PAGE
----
first_imgAt the recent August session of CEO Institute II, part of the networking buzz was about “how do we take this great information home most effectively?” One participant was planning a presentation to his CEO and other members of the executive team of everything he’d learned. Another said she would be sure to pause in her day-to-day work to reflect on what she had learned and how she could apply it to the task at hand.This conversation about how to help program participants truly use what is learned in formal sessions is one we have regularly at CUES. The educational jargon for it is “applied learning”—an effort to integrate classroom experiences with real-life situations. The budgeting term is “return on investment,” which is something every credit union wants from its talent development efforts.CUES has found a variety of ways to help participants get the most out of their learning. Here’s how to take advantage of five of them:Look for instructors who offer questions for reflection and invitations to consider how the classroom topics apply back at your credit union shop. The world-class Cornell University professors leading the recent August session of CEO Institute II regularly did this during their presentations. Make sure you take time to do the reflecting and think through your answers to the questions presented.Attend the sessions designed to help you plan how to apply what you’re learning. For example, at CEO/Executive Team Network coming up in late October in Savannah, Ga., CUES will offer a CEO-only session focused on digging deep into the growth strategies that will be covered in an earlier CEO panel session. The deep dive will be facilitated by keynote speaker Geoff Colvin, senior editor-at-large for Fortune magazine and author of Talent is Overrated: What Really Separates World-Class Performers from Everybody Else.Attend sessions designed to bring learning from outside the industry into the credit union space. At Directors Conference in Maui in early December, for example, Boston marathon bombing survivor Natalie Stavas will talk about the value of “running toward chaos.” The fact that Stavas—a physician—ran towards chaos that day meant four lives were saved. This session will challenge attendees to translate the value of running toward chaos into their credit union leadership—and think about what that could mean for their organizations and their members.Do the class assignments. For example, between segments I and II and again between segments II and III, participants in CEO Institute are invited to complete projects. These ask them to reflect on what’s been covered in class and apply it to actual initiatives at the credit union. (Notably, participants who do both projects and attend all three sessions receive the CCE—Certified Chief Executive—designation.) CUES’ newest board member, Kelly Marshall, CCE, CEO of $220 million Summerland Credit Union, Summerland, British Columbia, has told me that doing a between-segments project on how his CU should move forward with its insurance CUSO was instrumental to leading that project to success.Choose programs designed to help you develop a specific plan, tool or takeaway. For example, attendees of CUES School of IT Leadership™ in late September in Charleston, S.C., will create a personalized, ready-to-implement strategic IT action plan. The plans will build on the extensive knowledge of presenter Weldon “Butch” Leonardson, a former credit union IT executive and now director of IT leadership at CUES Supplier member and strategic partner Cornerstone Advisors, Scottsdale, Ariz.CUES does a lot to help attendees leverage what they learn, while at the same time realizing that learning is a very personal process. I’d like to hear how the above five strategies work for you—and what else you do to make the most of your investment in education. 18SHARESShareShareSharePrintMailGooglePinterestDiggRedditStumbleuponDeliciousBufferTumblr,John Pembroke Since joining CUES in March 2013, John Pembroke has played a leadership role in developing and launching a new direction in CUES’ strategy, branding and culture. Under his guidance, CUES … Web: www.cues.org Detailslast_img read more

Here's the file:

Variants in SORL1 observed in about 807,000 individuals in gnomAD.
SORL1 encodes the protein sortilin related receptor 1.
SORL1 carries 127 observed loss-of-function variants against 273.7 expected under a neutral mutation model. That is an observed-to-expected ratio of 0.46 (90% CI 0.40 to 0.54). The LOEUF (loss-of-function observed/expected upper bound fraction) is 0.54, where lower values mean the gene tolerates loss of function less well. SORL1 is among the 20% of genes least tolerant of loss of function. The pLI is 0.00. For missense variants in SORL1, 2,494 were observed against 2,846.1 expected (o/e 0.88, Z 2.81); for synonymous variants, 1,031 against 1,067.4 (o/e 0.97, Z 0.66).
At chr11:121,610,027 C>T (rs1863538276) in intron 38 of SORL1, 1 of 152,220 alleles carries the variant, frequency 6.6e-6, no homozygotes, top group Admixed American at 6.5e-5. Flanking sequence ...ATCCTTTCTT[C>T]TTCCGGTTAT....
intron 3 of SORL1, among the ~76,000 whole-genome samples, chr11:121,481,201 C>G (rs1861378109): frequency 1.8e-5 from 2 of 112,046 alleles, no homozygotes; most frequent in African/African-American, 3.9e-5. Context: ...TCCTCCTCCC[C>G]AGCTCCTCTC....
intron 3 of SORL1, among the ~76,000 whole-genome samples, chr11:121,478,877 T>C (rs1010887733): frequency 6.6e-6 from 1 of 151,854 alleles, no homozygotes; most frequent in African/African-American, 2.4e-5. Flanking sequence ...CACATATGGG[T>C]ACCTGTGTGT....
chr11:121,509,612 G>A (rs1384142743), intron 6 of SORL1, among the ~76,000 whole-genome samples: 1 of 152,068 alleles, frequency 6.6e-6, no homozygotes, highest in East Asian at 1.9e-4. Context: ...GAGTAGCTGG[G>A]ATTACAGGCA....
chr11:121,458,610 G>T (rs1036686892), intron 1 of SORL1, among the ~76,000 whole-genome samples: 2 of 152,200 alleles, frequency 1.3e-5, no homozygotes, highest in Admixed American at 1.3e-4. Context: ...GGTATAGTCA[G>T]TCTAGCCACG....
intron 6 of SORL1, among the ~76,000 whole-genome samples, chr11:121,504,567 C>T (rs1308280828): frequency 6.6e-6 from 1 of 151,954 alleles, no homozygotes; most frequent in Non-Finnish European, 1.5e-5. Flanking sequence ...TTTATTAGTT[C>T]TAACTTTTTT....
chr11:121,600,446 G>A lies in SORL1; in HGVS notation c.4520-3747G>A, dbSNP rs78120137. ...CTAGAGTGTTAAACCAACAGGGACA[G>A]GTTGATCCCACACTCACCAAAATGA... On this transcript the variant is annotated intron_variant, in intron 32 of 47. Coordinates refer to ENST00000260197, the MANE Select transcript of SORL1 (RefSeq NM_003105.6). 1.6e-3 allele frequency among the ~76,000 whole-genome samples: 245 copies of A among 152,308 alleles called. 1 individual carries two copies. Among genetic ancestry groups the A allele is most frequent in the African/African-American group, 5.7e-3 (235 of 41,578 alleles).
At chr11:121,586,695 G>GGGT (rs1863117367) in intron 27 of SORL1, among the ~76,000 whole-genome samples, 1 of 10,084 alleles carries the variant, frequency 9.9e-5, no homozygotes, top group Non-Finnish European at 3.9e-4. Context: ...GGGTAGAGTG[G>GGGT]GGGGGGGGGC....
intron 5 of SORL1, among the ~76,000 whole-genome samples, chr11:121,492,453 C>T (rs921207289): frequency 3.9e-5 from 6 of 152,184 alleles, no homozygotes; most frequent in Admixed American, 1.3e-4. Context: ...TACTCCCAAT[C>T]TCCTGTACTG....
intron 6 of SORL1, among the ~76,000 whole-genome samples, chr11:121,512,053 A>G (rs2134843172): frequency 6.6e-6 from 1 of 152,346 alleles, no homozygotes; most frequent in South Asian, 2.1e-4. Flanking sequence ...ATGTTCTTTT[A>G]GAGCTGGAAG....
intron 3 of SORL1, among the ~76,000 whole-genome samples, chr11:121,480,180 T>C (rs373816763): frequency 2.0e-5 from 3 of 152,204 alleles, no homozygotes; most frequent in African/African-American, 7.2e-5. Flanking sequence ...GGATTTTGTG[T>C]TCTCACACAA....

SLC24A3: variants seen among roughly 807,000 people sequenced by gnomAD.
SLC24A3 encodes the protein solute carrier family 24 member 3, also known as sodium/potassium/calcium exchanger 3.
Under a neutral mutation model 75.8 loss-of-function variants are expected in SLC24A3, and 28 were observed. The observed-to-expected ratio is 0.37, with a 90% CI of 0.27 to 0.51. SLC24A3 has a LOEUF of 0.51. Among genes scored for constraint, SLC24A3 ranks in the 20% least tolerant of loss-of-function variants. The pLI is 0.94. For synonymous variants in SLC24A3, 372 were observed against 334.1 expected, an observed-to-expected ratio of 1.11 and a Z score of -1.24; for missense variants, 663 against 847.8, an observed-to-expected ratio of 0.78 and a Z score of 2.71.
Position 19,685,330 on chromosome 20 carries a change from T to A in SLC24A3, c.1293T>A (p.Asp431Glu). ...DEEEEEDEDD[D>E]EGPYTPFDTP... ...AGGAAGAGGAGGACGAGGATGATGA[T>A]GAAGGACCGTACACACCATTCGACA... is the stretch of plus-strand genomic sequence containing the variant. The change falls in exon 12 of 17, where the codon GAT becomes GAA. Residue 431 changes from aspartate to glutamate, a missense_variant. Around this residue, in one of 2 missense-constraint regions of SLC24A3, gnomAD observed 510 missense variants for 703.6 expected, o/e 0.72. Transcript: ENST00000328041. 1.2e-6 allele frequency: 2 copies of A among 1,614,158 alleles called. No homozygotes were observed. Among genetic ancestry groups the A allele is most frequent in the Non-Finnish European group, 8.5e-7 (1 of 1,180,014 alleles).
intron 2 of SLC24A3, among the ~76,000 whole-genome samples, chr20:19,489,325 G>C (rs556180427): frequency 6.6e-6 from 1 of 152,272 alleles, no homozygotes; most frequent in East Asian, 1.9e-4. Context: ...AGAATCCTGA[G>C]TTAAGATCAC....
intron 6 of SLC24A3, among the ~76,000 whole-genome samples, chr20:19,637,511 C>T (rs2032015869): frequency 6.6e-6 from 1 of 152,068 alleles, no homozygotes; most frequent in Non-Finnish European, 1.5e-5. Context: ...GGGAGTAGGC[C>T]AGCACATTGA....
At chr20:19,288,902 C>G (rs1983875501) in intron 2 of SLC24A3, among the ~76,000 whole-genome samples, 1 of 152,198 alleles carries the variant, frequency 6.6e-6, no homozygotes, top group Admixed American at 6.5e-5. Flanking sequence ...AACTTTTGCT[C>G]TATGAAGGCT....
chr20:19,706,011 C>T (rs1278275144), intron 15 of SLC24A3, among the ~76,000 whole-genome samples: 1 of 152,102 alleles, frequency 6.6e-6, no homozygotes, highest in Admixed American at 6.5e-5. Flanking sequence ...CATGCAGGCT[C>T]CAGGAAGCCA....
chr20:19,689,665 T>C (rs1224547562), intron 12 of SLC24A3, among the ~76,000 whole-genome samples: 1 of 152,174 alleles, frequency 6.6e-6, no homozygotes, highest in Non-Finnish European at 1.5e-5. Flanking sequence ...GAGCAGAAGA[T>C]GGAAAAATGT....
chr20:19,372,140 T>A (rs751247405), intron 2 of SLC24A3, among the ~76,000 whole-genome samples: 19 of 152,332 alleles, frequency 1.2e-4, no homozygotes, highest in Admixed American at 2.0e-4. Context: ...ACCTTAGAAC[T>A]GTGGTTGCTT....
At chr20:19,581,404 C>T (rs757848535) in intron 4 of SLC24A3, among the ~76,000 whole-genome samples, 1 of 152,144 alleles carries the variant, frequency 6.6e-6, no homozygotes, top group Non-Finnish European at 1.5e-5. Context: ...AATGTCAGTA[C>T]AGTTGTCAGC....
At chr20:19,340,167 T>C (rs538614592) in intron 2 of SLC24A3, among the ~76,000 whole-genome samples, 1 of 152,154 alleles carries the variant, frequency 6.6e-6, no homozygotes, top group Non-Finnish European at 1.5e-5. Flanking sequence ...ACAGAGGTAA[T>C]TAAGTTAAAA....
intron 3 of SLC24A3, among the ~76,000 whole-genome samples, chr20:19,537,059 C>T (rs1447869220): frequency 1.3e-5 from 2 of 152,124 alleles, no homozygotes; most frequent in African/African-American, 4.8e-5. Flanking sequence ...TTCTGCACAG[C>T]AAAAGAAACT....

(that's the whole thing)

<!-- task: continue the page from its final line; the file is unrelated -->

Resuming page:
Advice to Iowans who’ve traveled in countries with Covid-19 cases: self-isolate

first_imgDES MOINES — State officials are asking Iowans who’ve recently been in areas where Covid-19 cases have spread to “self-isolate” for 14 days. Dr. Caitlin Pedati, the state medical director, says that means avoiding close personal contact with other people.“Staying home from work and school, not attending sort of large gatherings or group events,” Pedati says.This is advice for Iowans who’ve recently been in China, Hong Kong, Iran, Italy, Japan and South Korea.“If you’re somebody who has traveled to one of those locations, we want…to recommend that you voluntarily monitor your symptoms and isolate at home,” Pedati says.Pedati describes self-isolation as trying to stay at least six feet away from other people.“To reduce the opportunity for a virus to move from one person to another,” she says, “and that’s something that would work when we’re talking about the flu or a variety of other viruses.”Pedati and other public health officials have been reaching out to Iowa schools and businesses, urging them to call with concerns about absences that may be related to Covid-19 or other illnesses like the flu.“One of the things that Public Health does is we work very closely with partners throughout the state and where people might be getting sick,” Pedati says, “so surveillance activities like that are typically multi-layers and they require input from a variety of sources.”The state operates a 24/7 hotline that doctors, nurses and others in the medical community may call with questions about dianosing Covid-19. The State Hygenic Lab in Iowa City has begun testing for Covid-19.“The total turn-around time for that is probably approximately 24 hours depending on where in the state we need to ship samples from,” Dr. Pedati says. “The test itself to run takes approximately four hours.”There have been no confirmed cases of Covid-19 in Iowa.last_img read more